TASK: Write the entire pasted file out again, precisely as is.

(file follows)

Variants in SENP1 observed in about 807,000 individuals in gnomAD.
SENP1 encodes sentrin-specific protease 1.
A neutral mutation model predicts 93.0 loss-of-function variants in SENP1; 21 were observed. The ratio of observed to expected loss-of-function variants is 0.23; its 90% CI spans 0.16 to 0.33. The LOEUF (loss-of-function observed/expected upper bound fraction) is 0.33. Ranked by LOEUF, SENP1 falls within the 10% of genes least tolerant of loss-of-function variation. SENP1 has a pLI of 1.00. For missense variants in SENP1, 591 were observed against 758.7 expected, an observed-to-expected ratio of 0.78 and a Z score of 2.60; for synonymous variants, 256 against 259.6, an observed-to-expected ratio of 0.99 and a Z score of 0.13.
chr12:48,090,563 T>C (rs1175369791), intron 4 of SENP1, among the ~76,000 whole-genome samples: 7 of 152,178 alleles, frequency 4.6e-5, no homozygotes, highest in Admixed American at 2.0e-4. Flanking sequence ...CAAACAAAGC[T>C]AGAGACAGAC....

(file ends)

Variants in SENP1 observed in about 807,000 individuals in gnomAD.
SENP1 encodes sentrin-specific protease 1.
A neutral mutation model predicts 93.0 loss-of-function variants in SENP1; 21 were observed. The ratio of observed to expected loss-of-function variants is 0.23; its 90% CI spans 0.16 to 0.33. The LOEUF (loss-of-function observed/expected upper bound fraction) is 0.33. Ranked by LOEUF, SENP1 falls within the 10% of genes least tolerant of loss-of-function variation. SENP1 has a pLI of 1.00. For missense variants in SENP1, 591 were observed against 758.7 expected, an observed-to-expected ratio of 0.78 and a Z score of 2.60; for synonymous variants, 256 against 259.6, an observed-to-expected ratio of 0.99 and a Z score of 0.13.
chr12:48,090,563 T>C (rs1175369791), intron 4 of SENP1, among the ~76,000 whole-genome samples: 7 of 152,178 alleles, frequency 4.6e-5, no homozygotes, highest in Admixed American at 2.0e-4. Flanking sequence ...CAAACAAAGC[T>C]AGAGACAGAC....